When such mice were raised under normal, non-sterile conditions, they developed normal microbiomes. However, a course of antibiotics at the age of 2 weeks permanently changed the composition of bacteria in their microbiomes. For male mice, it also reduced the amount of brain damage seen at 40 weeks of age.

The protective effects of the microbiome changes were more pronounced in the male mice that carried them APOE3 but in those with high risk APOE4variant, probably due to adverse effects APOE4negated some of the protection, the researchers said. Antibiotic treatment had no significant effect on neurodegeneration in female mice.

“We already know, from studies of brain tumors, normal brain development, and related topics, that immune cells in male and female brains respond very differently to stimuli,” Holtzman said.

“So it’s not very surprising that when we manipulated the microbiome, we saw a gender difference in response, although it’s hard to say exactly what that means for men and women living with Alzheimer’s disease and related disorders.”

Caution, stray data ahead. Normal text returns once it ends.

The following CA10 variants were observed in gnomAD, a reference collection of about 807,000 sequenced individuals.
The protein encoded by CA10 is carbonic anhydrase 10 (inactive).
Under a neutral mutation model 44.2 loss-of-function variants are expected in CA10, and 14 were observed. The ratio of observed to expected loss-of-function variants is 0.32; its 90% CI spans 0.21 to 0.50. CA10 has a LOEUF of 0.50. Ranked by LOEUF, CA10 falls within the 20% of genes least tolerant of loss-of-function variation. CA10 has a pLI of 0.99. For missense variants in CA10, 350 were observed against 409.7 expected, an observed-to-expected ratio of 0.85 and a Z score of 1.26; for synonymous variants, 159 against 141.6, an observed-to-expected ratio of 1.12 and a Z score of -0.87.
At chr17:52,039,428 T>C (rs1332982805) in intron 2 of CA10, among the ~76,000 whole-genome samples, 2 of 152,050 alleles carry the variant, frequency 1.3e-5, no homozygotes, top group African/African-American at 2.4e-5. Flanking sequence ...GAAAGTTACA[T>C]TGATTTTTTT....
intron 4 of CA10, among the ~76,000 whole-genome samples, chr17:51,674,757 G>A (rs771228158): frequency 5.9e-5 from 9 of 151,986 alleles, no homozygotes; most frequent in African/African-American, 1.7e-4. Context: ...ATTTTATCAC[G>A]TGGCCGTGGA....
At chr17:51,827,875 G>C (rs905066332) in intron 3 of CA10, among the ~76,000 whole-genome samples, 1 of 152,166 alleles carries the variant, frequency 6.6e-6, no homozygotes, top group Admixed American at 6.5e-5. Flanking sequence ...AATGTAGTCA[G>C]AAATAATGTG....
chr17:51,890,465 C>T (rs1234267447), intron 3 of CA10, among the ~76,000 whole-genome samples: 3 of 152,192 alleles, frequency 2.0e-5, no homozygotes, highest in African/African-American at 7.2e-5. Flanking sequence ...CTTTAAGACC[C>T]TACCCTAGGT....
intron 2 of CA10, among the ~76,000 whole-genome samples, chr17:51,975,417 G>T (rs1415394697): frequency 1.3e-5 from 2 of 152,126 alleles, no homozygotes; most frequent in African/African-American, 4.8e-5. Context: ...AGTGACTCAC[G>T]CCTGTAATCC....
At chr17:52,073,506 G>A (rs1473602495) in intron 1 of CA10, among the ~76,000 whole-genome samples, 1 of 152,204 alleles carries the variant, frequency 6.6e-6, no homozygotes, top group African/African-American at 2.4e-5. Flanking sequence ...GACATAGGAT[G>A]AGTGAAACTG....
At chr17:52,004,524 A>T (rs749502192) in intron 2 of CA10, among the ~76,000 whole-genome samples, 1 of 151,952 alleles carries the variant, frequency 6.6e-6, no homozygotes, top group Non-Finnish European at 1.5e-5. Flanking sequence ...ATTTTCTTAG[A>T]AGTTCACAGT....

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Gut bacteria affect brain health

Further experiments linked three specific short-chain fatty acids—compounds produced by certain types of gut bacteria as products of their metabolism—to neurodegeneration. All three of these fatty acids were scarce in mice with gut microbiomes altered by antibiotic treatment and were not measurable in mice without gut microbiomes.

These short-chain fatty acids appear to trigger neurodegeneration by activating immune cells in the bloodstream, which in turn somehow activated immune cells in the brain to damage brain tissue. When middle-aged mice with no microbiome were fed the three short-chain fatty acids, their brain immune cells became more reactive, and their brains showed more signs of tau-related damage.